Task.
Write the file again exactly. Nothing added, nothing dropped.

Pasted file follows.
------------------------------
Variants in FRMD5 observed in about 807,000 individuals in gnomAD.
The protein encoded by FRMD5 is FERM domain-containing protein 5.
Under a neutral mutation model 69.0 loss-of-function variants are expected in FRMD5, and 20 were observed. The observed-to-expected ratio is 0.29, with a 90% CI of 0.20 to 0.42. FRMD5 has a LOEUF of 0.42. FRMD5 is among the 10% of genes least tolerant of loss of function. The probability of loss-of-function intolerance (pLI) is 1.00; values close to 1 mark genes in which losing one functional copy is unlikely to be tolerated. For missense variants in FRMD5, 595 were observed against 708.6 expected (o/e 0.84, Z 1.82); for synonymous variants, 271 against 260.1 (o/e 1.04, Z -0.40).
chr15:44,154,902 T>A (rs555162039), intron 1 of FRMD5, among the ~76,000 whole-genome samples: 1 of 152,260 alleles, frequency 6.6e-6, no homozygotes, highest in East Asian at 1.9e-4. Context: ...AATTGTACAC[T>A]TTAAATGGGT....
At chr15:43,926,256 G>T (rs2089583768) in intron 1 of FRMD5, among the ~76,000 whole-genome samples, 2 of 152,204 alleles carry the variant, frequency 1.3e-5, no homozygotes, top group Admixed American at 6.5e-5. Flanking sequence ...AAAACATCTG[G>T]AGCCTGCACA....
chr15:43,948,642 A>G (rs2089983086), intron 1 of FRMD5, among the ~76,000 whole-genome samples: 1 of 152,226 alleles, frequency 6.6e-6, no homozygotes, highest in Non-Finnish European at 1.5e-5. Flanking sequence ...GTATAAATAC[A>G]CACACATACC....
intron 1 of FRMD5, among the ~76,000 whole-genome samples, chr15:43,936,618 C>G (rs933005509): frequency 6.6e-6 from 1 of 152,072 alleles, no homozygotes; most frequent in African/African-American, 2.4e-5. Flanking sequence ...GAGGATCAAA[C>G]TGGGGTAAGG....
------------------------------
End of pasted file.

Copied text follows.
Variants in FRMD5 observed in about 807,000 individuals in gnomAD.
The protein encoded by FRMD5 is FERM domain-containing protein 5.
Under a neutral mutation model 69.0 loss-of-function variants are expected in FRMD5, and 20 were observed. The observed-to-expected ratio is 0.29, with a 90% CI of 0.20 to 0.42. FRMD5 has a LOEUF of 0.42. FRMD5 is among the 10% of genes least tolerant of loss of function. The probability of loss-of-function intolerance (pLI) is 1.00; values close to 1 mark genes in which losing one functional copy is unlikely to be tolerated. For missense variants in FRMD5, 595 were observed against 708.6 expected (o/e 0.84, Z 1.82); for synonymous variants, 271 against 260.1 (o/e 1.04, Z -0.40).
chr15:44,154,902 T>A (rs555162039), intron 1 of FRMD5, among the ~76,000 whole-genome samples: 1 of 152,260 alleles, frequency 6.6e-6, no homozygotes, highest in East Asian at 1.9e-4. Context: ...AATTGTACAC[T>A]TTAAATGGGT....
At chr15:43,926,256 G>T (rs2089583768) in intron 1 of FRMD5, among the ~76,000 whole-genome samples, 2 of 152,204 alleles carry the variant, frequency 1.3e-5, no homozygotes, top group Admixed American at 6.5e-5. Flanking sequence ...AAAACATCTG[G>T]AGCCTGCACA....
chr15:43,948,642 A>G (rs2089983086), intron 1 of FRMD5, among the ~76,000 whole-genome samples: 1 of 152,226 alleles, frequency 6.6e-6, no homozygotes, highest in Non-Finnish European at 1.5e-5. Flanking sequence ...GTATAAATAC[A>G]CACACATACC....
intron 1 of FRMD5, among the ~76,000 whole-genome samples, chr15:43,936,618 C>G (rs933005509): frequency 6.6e-6 from 1 of 152,072 alleles, no homozygotes; most frequent in African/African-American, 2.4e-5. Flanking sequence ...GAGGATCAAA[C>G]TGGGGTAAGG....